Disney California Adventure Park opened in 2001 as a salute to California’s fun-in-the-sun attitude.
But the 72-acre Anaheim park — featuring a roller coaster, Ferris wheel and seaside boardwalk area — initially failed to meet the potential envisioned by Walt Disney Co. and so far has drawn only about half the visitors as its older sister, Disneyland.
Now, California Adventure Park is about to unveil its latest effort to boost attendance: a makeover of the Paradise Pier boardwalk area that includes a healthy dose of characters from Pixar Animation Studios, a Disney subsidiary.
The media got an early peek Thursday; the public must wait to see the renamed Pixar Pier on Saturday, just in time to draw summer crowds.
Disney representatives said the overhaul was intended to enhance the old Paradise Pier’s theme, not reject it.
“We are about blending what we love about the seaside with the great Disney Pixar films,” park spokeswoman Mirna Hughes said.
As part of the renovation, the park’s roller coaster — once known as California Screamin’ — has been transformed into the Incredicoaster, a tribute to the animated superhero characters that are featured in the ride, taken from the 2004 Pixar film “The Incredibles” and the sequel in theaters now.
A team of Disney imagineers bolstered the ride’s classic thrills with some high-tech whizbangery to tell the story of baby Jack-Jack Parr running wild on the coaster while the rest of the family tries to catch him.
The tale is told through video, projections, sculptures and even a cookie scent piped into one of the coaster tunnels. The cookies are then available for purchase after the ride, along with new food offerings and merchandise tied to Pixar movies such as “Coco,” “Toy Story” and “Inside Out.”
Mickey’s Fun Wheel, the giant Ferris wheel in the center of the boardwalk, has a new look, with each of the 24 gondolas featuring a different Pixar character. It’s been renamed Pixar Pal-A-Round.
The injection of Pixar characters will help draw in youngsters who grew up with the animated films of the last several years, said Robert Nile, editor of the website Themeparkinsider.com.
“Its appeal is to people who are familiar with the movies as opposed to the old-timey feel of the boardwalk,” he said.
Disney has been promoting the Pixar makeover since April with a Pixar Fest, which includes a parade of Pixar characters and a Pixar-themed fireworks show, both at Disneyland.
Pixar Pier brings with it all kinds of new merchandise. such as $25 “Toy Story” T-shirts and $22 mouse-ear hats adorned with alien or robot eyes. New food items include Señor Buzz Churros, Adorable Snowman Ice Cream and cake pops decorated with the faces of various Pixar characters.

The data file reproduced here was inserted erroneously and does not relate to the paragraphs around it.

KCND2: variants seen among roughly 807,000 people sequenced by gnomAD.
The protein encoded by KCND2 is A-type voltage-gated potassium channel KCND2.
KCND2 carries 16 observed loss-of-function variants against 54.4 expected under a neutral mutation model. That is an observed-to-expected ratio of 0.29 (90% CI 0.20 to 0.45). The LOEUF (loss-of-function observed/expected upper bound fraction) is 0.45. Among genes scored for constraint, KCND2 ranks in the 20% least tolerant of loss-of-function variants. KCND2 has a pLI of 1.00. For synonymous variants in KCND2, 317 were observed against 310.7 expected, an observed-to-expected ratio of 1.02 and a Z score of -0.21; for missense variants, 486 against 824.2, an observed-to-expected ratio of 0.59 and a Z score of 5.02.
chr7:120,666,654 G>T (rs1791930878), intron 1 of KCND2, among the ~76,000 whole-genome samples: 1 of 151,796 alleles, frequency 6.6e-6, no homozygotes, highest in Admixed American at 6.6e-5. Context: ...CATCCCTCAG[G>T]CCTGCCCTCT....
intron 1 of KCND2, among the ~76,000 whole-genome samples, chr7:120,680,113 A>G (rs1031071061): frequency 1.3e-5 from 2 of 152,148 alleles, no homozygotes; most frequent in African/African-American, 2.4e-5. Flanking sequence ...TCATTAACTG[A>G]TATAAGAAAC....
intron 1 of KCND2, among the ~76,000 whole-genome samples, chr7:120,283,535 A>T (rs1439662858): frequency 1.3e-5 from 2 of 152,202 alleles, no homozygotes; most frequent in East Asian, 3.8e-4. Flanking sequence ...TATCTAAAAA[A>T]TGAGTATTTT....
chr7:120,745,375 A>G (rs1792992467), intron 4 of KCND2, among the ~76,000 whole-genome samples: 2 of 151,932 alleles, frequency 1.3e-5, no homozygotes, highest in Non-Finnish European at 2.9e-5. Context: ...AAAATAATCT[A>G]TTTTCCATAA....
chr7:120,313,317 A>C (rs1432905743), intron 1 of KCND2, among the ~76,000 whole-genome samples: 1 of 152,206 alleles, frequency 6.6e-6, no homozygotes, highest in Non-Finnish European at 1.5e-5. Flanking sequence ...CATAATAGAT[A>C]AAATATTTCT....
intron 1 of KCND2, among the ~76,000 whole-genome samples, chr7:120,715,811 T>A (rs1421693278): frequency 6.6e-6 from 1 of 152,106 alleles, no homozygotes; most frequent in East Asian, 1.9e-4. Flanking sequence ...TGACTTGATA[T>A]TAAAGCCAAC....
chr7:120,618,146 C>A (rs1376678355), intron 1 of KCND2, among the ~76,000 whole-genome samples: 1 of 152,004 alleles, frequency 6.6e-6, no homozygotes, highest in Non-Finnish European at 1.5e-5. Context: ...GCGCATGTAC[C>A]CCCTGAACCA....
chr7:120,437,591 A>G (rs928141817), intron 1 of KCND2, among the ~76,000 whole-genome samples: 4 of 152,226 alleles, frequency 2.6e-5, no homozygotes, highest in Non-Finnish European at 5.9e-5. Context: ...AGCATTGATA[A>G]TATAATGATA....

Theme park representatives declined to say how much has been spent to transform the pier, but the upgrade has been in the works since January, when that area of the park was closed to visitors.
In addition to revamping the roller coaster and Ferris Wheel, the park has added new Pixar themes to the park’s restaurants and souvenir shops.
Disney is using the opening for a fresh test of the public’s appetite for paying extra for special perks. The park will be opened Friday to VIP guests who are willing to pay $299 for a six-hour premiere party that will include live music, free food, souvenirs and autographs from Pixar costumed characters.
California Adventure Park’s biggest upgrade came in 2012, when Disney spent an estimated $1 billion to add a 12-acre Southwestern-themed expansion with characters and scenes from the 2006 Pixar movie “Cars.” Attendance at the park jumped 22% to 7.8 million visitors that year, according to an estimate by Los Angeles consulting firm Aecom.
Disney isn’t done making improvements to the park. The Burbank media giant plans an expansion in 2020 that will feature superheroes from Marvel comics and movies: Spider-Man, the Hulk and Iron Man, among others. Disney purchased Marvel Entertainment in 2009.
But California Adventure Park isn’t likely to match the popularity of its neighboring park, Disneyland, which drew about 18.3 million visitors last year, compared with 9.6 million visitors for California Adventure Park, according to Aecom.
That difference in visitor volume is expected to grow next year when Disneyland opens its much-anticipated 14-acre Star Wars land, dubbed Star Wars: Galaxy’s Edge. Construction of the $1-billion expansion began last year and is expected to feature two attractions, including a ride that lets visitors pilot the Millennium Falcon, the spaceship flown by Han Solo and Chewbacca in the movies.
Disneyland is already preparing for the crowds that will be visiting the park next year to experience the new Star Wars land. Park officials recently added extra blackout dates — thus cutting access — for some pass holders who want to visit Disneyland next year.
At the same time, the resort reduced the number of blackout days — thus increasing access — to neighboring California Adventure Park, where crowding has not been as much of a problem as it has recently in Disneyland. The price of the annual passes hasn’t budged because of the changes to the blackout dates.
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